Three blogs for hitting the trails

The Arctic Vortex last week offered a good opportunity to hunker down and work on one of my New Year’s projects, which is to improve this blog. To that end, I am participating in the Word Press “Zero to Hero” challenge of daily “here’s how to enhance your blog” lessons. Today’s lesson included commenting on three blogs (done) and then taking the exercise a step further by writing about three blogs. Hence, I present a trio of hiking blogs: Girls on the Way, 1 Happy Hiker, and Live Free and Hike: A NH Day Hiker’s Blog.  All three include links to other good hiking blogs, but I always tell my students that three examples are enough for illustrating a point or idea, and I’ll stick with that advice here.

Girls on the Way is the blog of Patricia Ellis Herr and her two daughters, Alex and Sage.  Trish Ellis Herr first started writing the blog when Alex was five, and Alex decided that she UP A Mother and Daughter's Peakbagging Adventurewanted to hike all of New Hampshire’s 48 four-thousand footers.   These efforts eventually became a neat little book titled Up: A Mother and Daughter’s Peak-Bagging Adventures. I loved the book, both for the descriptions of approximately 15 hikes and for the way the author took each chapter and turned it into a lesson, e.g. “Some Things Will Always Be Beyond Your Control”.

I don’t want to give away too much, but I will say that while reading the book, the chapter titled “Mistakes Can Have Serious Consequences” took me back to 1982 when, as a college sophomore, I followed the news about two teenagers who had lost their way while doing a winter climb of Mount Washington.  They encountered whiteout conditions on the way down and lost their way. Both survived, but one boy lost both of his legs. Another young man on the Search and Rescue team was killed in an avalanche during the search. Today that teenager who survived a terrible ordeal is Trish’s husband and a world-renowned scientist.  It was eerie to read about him telling his story to daughter  as a cautionary tale–and to recollect my vague memories of the event, and of fellow students who had undertaken similar adventures but had better luck.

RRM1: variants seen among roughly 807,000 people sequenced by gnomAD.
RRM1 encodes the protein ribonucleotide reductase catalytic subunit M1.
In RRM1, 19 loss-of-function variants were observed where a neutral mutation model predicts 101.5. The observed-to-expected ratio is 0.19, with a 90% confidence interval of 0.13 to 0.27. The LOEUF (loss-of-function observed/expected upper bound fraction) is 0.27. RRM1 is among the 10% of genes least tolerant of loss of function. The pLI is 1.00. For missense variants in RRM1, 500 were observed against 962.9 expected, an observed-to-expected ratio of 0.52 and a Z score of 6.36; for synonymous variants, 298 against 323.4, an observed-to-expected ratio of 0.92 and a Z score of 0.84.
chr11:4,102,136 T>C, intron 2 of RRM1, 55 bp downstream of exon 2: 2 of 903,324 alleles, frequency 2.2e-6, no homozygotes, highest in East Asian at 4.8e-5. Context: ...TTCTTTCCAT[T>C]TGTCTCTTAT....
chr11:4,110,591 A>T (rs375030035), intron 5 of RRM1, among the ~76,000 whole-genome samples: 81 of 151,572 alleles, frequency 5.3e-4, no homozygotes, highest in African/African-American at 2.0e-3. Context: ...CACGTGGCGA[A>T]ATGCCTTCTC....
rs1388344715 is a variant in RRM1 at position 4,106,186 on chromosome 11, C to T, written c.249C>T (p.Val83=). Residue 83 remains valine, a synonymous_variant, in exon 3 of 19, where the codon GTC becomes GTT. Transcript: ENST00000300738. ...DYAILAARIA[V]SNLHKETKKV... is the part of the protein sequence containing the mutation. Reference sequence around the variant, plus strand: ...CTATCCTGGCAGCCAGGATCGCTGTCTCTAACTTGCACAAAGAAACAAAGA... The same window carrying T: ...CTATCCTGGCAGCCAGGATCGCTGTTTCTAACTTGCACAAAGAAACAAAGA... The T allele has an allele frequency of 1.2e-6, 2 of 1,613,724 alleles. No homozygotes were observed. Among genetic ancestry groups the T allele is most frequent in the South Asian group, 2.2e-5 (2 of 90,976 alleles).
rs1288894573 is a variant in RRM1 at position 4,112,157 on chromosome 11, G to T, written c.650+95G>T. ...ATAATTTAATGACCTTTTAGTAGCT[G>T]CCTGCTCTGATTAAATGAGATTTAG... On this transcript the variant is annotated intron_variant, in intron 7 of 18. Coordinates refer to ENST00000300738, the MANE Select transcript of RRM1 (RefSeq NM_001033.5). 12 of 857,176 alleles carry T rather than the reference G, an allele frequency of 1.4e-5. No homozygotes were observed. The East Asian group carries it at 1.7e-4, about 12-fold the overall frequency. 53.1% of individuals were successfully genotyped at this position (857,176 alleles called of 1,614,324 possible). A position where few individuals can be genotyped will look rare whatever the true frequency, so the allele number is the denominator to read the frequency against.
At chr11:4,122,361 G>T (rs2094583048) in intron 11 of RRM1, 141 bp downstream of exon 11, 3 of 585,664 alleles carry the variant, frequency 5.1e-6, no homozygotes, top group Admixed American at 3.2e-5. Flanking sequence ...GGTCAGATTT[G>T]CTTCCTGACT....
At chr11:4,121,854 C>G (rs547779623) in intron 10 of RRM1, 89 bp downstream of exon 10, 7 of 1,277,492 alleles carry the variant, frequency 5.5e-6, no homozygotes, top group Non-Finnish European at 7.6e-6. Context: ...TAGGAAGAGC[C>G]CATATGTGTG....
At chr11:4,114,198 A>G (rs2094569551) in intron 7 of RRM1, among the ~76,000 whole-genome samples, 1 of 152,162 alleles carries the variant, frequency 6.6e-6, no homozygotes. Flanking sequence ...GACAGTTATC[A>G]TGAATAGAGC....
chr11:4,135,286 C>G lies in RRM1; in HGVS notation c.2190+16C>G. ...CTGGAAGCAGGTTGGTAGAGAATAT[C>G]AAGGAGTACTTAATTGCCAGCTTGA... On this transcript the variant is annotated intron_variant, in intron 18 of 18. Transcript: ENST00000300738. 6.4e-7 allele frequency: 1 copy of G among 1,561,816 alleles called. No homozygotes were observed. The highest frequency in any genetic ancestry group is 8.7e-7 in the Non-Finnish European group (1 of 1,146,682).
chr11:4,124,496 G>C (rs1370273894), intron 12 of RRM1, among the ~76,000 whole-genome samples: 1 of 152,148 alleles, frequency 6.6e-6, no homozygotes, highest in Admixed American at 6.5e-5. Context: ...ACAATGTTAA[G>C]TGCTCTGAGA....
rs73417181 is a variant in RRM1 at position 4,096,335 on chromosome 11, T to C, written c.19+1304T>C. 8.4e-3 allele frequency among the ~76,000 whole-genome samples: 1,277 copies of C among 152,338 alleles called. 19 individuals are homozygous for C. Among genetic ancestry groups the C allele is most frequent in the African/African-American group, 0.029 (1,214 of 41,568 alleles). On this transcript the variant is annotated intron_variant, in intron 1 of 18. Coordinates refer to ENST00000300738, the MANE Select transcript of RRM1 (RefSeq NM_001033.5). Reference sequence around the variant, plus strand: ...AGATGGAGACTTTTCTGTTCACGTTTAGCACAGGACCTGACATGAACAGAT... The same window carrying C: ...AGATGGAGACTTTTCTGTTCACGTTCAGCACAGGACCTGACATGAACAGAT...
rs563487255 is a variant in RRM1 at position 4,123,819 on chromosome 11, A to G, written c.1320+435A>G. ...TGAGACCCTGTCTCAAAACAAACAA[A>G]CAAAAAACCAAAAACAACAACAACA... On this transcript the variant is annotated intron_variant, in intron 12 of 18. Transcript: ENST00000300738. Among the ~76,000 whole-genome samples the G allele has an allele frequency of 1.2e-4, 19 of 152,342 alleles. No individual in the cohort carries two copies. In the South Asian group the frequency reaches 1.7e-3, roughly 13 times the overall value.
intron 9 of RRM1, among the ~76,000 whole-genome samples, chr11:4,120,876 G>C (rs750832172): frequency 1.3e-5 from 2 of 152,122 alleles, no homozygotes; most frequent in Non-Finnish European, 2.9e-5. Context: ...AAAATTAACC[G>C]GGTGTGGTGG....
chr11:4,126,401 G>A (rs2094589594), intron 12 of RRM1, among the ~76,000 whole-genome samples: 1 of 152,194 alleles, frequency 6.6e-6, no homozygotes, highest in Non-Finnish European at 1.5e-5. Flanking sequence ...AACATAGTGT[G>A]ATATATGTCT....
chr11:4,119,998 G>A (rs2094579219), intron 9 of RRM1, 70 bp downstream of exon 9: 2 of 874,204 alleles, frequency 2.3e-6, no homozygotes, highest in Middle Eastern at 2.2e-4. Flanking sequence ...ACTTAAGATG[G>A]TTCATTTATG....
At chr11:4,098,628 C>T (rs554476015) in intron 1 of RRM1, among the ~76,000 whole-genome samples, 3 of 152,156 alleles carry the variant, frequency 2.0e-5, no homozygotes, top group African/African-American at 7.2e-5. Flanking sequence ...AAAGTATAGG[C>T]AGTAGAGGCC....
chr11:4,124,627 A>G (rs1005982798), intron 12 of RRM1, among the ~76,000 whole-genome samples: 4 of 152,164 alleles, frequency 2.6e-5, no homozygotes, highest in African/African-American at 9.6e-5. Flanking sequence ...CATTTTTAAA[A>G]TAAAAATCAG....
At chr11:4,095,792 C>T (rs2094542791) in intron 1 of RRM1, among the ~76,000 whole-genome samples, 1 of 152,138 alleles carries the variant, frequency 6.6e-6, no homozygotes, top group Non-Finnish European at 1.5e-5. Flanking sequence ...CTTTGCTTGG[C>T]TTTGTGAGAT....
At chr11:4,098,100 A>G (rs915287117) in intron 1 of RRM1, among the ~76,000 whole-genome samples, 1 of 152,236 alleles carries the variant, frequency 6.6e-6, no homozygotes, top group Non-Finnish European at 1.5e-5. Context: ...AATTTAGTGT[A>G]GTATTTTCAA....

Some readers may wonder if Ellis-Herr pushes her daughter to do these hikes, a point she addresses in the book.  As she observes, a parent can’t force a kid who doesn’t want to hike do the arduous hikes that Alex undertakes; doing so is just about impossible (unless you are willing to carry said child up the mountain).  Children have boundless energy and the question of physical stamina isn’t a problem for most; instead, kids often lack the mental stamina needed for lengthy hikes. Alex definitely had (and has) that mental stamina, and her sister Sage follows in her footsteps.  (For the record, even though my son is a good hiker, I would never attempt to conquer the 48 4,000 footers with him unless a helicopter or water slide was involved).  Maybe someday my son will surprise me and announce that he wants to conquer the 48 summits, but until then, I will hike most 4,000 footers on my own.

Since the publication of Up, Trish and her daughters have had many other adventures, including several months in Spain hiking  the 500-mile El Camino de Santiago long-distance pilgrimage.  This summer, they hope to hike the John Muir Trail, and I hope they get to go, because hiking the JMT is also on my hiking bucket list.

Another hiking blog I like is 1 HappyHiker.  The Happy Hiker’s blog is very simple in appearance and he doesn’t share much information about himself, but he is a good writer and has archived many posts about adventures in New England and beyond (not to mention that his blog has a great title, a little corny, but who isn’t  happy when standing on a mountaintop?).  Lots of solid well-researched information and ideas for hikes in the region.    This blog often comes up on Google searches related to hiking in New Hampshire.

Finally, I’ll give a short shout-out to Live Free and Hike: A NH Day Hiker’s Blog  by Seacoast resident Karl Searle, who writes about hiking and outdoor adventures, including many that are family-oriented.   The blog has a great title and good content about adventures within striking distance of the Seacoast region.

Readers, if you have any ideas for a revised blog title, please send them my way!  “Random History and Offbeat Trivia” is okay, and reflects the fact that sometimes you just need to put the fingers on the keyboard and start typing. But I am trying to devise a title that more effectively captures the essence of this multi-faceted blog: hiking, adventures, travel, history.

About Dianne Fallon

Maniacal Traveler Dianne Fallon writes from a house in the woods in southern Maine. Her interests include travel, hiking and the outdoors, and history, and she is quickly becoming an Instagram-aholic, @themaniacialtraveler.
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One Response to Three blogs for hitting the trails

  1. I guess birds of a feather flock together!

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